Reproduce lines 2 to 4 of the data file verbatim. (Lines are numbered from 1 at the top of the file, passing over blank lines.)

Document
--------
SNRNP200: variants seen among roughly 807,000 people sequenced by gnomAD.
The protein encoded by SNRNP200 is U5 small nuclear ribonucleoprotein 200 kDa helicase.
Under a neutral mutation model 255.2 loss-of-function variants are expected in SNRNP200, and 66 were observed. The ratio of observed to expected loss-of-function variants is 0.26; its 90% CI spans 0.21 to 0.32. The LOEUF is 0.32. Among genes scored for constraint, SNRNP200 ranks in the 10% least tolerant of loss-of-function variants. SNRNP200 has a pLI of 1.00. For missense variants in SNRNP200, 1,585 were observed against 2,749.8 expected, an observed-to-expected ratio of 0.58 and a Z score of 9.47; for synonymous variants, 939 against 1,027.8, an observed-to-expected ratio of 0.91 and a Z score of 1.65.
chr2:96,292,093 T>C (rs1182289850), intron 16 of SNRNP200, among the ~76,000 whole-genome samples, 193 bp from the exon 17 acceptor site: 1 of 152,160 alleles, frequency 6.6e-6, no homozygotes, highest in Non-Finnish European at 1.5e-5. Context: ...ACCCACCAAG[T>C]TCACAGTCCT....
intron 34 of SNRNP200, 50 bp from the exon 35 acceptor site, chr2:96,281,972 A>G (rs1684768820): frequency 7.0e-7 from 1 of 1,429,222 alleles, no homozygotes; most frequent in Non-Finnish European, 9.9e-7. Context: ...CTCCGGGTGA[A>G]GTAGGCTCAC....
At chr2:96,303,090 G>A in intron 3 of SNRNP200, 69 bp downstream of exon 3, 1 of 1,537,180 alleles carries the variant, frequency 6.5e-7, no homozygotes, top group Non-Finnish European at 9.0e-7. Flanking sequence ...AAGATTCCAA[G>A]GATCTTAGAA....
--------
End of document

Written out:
The protein encoded by SNRNP200 is U5 small nuclear ribonucleoprotein 200 kDa helicase.
Under a neutral mutation model 255.2 loss-of-function variants are expected in SNRNP200, and 66 were observed. The ratio of observed to expected loss-of-function variants is 0.26; its 90% CI spans 0.21 to 0.32. The LOEUF is 0.32. Among genes scored for constraint, SNRNP200 ranks in the 10% least tolerant of loss-of-function variants. SNRNP200 has a pLI of 1.00. For missense variants in SNRNP200, 1,585 were observed against 2,749.8 expected, an observed-to-expected ratio of 0.58 and a Z score of 9.47; for synonymous variants, 939 against 1,027.8, an observed-to-expected ratio of 0.91 and a Z score of 1.65.
chr2:96,292,093 T>C (rs1182289850), intron 16 of SNRNP200, among the ~76,000 whole-genome samples, 193 bp from the exon 17 acceptor site: 1 of 152,160 alleles, frequency 6.6e-6, no homozygotes, highest in Non-Finnish European at 1.5e-5. Context: ...ACCCACCAAG[T>C]TCACAGTCCT....